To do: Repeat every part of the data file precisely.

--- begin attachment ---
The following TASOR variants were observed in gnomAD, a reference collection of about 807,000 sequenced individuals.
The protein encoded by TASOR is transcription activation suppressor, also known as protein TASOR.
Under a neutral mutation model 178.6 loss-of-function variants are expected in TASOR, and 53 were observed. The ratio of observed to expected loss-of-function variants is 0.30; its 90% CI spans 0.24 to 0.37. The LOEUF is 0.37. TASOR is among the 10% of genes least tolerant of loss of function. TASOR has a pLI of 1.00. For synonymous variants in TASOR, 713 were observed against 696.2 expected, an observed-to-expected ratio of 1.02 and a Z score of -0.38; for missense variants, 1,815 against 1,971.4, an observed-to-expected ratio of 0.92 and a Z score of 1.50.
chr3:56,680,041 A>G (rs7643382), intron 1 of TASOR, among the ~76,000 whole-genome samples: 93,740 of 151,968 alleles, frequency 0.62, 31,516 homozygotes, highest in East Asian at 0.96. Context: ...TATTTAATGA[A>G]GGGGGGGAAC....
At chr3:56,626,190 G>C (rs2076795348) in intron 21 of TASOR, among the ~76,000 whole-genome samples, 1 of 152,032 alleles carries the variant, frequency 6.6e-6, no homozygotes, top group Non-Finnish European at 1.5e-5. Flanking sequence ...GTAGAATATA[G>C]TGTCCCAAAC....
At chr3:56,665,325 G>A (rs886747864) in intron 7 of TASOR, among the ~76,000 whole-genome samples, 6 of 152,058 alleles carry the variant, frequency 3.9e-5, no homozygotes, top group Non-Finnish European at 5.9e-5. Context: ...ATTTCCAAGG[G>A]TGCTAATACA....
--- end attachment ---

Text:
The following TASOR variants were observed in gnomAD, a reference collection of about 807,000 sequenced individuals.
The protein encoded by TASOR is transcription activation suppressor, also known as protein TASOR.
Under a neutral mutation model 178.6 loss-of-function variants are expected in TASOR, and 53 were observed. The ratio of observed to expected loss-of-function variants is 0.30; its 90% CI spans 0.24 to 0.37. The LOEUF is 0.37. TASOR is among the 10% of genes least tolerant of loss of function. TASOR has a pLI of 1.00. For synonymous variants in TASOR, 713 were observed against 696.2 expected, an observed-to-expected ratio of 1.02 and a Z score of -0.38; for missense variants, 1,815 against 1,971.4, an observed-to-expected ratio of 0.92 and a Z score of 1.50.
chr3:56,680,041 A>G (rs7643382), intron 1 of TASOR, among the ~76,000 whole-genome samples: 93,740 of 151,968 alleles, frequency 0.62, 31,516 homozygotes, highest in East Asian at 0.96. Context: ...TATTTAATGA[A>G]GGGGGGGAAC....
At chr3:56,626,190 G>C (rs2076795348) in intron 21 of TASOR, among the ~76,000 whole-genome samples, 1 of 152,032 alleles carries the variant, frequency 6.6e-6, no homozygotes, top group Non-Finnish European at 1.5e-5. Flanking sequence ...GTAGAATATA[G>C]TGTCCCAAAC....
At chr3:56,665,325 G>A (rs886747864) in intron 7 of TASOR, among the ~76,000 whole-genome samples, 6 of 152,058 alleles carry the variant, frequency 3.9e-5, no homozygotes, top group Non-Finnish European at 5.9e-5. Context: ...ATTTCCAAGG[G>A]TGCTAATACA....